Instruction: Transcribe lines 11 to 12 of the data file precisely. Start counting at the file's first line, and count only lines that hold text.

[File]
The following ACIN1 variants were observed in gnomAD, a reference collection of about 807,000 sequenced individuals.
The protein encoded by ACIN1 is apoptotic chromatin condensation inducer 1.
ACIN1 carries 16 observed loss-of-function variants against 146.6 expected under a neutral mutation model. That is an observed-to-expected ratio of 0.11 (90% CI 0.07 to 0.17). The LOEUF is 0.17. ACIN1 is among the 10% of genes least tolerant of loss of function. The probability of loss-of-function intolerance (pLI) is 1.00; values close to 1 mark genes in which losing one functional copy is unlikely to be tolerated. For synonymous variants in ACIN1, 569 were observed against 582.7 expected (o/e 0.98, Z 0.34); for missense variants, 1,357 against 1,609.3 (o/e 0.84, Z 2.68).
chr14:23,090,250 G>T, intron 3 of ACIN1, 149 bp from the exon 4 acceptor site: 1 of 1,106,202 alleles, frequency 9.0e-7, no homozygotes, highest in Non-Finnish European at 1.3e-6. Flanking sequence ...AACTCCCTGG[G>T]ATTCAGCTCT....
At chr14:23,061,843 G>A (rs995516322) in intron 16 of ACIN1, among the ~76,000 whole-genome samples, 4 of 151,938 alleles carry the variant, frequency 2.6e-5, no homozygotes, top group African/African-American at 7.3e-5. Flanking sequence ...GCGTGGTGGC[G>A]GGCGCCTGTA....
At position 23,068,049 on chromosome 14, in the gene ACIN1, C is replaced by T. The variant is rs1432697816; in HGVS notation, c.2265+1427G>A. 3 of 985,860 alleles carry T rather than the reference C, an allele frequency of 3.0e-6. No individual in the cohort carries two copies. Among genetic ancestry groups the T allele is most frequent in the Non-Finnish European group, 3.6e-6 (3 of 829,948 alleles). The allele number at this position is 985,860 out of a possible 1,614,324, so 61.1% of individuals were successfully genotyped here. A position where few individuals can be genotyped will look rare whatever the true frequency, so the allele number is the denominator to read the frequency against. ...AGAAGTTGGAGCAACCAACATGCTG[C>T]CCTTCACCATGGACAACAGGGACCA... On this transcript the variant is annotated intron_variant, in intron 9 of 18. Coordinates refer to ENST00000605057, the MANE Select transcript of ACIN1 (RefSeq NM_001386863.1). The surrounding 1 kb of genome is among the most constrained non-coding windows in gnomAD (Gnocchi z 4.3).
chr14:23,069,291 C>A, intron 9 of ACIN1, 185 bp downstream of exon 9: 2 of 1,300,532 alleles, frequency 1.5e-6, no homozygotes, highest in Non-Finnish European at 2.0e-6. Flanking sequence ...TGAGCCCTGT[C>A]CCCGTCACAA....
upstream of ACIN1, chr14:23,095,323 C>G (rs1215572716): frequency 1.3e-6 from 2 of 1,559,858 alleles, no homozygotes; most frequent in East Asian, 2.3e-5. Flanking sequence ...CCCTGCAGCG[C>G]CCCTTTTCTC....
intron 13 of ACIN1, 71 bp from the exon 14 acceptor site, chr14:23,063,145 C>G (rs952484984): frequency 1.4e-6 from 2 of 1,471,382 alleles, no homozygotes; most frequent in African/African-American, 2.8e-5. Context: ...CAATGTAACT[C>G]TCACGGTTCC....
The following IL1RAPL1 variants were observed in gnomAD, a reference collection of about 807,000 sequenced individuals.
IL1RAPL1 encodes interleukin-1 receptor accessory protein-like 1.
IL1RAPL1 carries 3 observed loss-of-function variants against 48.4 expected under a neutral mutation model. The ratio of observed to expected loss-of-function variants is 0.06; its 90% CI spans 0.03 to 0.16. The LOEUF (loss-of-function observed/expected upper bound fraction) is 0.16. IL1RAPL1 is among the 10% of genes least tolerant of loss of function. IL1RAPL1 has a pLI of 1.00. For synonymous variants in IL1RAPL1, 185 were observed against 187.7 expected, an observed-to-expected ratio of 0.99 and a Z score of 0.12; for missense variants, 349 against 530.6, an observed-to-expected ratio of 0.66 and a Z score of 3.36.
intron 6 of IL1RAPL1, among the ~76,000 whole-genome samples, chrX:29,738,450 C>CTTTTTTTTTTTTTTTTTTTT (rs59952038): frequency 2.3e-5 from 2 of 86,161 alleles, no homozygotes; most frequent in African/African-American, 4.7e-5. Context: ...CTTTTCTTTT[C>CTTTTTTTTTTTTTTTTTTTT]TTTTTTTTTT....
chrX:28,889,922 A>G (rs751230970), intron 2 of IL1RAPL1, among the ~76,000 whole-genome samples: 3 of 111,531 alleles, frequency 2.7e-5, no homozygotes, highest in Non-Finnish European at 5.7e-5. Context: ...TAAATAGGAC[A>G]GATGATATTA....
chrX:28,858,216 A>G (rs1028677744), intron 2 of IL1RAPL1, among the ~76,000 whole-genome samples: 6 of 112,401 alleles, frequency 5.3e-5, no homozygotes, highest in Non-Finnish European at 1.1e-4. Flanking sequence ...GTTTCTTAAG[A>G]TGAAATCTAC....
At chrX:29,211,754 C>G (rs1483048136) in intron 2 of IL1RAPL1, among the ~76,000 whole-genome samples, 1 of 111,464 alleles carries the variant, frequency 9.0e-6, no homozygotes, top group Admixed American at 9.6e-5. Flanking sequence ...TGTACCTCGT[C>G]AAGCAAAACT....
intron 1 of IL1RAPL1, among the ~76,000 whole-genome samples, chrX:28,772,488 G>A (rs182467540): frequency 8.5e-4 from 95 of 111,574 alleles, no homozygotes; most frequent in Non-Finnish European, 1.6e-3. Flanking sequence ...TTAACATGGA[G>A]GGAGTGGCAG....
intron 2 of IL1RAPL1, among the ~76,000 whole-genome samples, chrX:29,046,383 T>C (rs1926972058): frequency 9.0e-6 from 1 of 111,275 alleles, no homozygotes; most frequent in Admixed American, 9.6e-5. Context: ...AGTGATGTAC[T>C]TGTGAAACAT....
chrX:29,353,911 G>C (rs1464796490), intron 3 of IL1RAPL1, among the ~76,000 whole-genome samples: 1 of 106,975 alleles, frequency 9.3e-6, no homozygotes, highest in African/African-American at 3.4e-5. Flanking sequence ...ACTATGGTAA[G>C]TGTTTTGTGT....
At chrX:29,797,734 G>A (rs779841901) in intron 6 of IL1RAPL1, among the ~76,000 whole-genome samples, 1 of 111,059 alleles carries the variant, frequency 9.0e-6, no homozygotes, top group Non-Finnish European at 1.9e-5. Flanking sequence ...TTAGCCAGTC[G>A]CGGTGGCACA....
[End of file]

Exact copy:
IL1RAPL1 encodes interleukin-1 receptor accessory protein-like 1.
IL1RAPL1 carries 3 observed loss-of-function variants against 48.4 expected under a neutral mutation model. The ratio of observed to expected loss-of-function variants is 0.06; its 90% CI spans 0.03 to 0.16. The LOEUF (loss-of-function observed/expected upper bound fraction) is 0.16. IL1RAPL1 is among the 10% of genes least tolerant of loss of function. IL1RAPL1 has a pLI of 1.00. For synonymous variants in IL1RAPL1, 185 were observed against 187.7 expected, an observed-to-expected ratio of 0.99 and a Z score of 0.12; for missense variants, 349 against 530.6, an observed-to-expected ratio of 0.66 and a Z score of 3.36.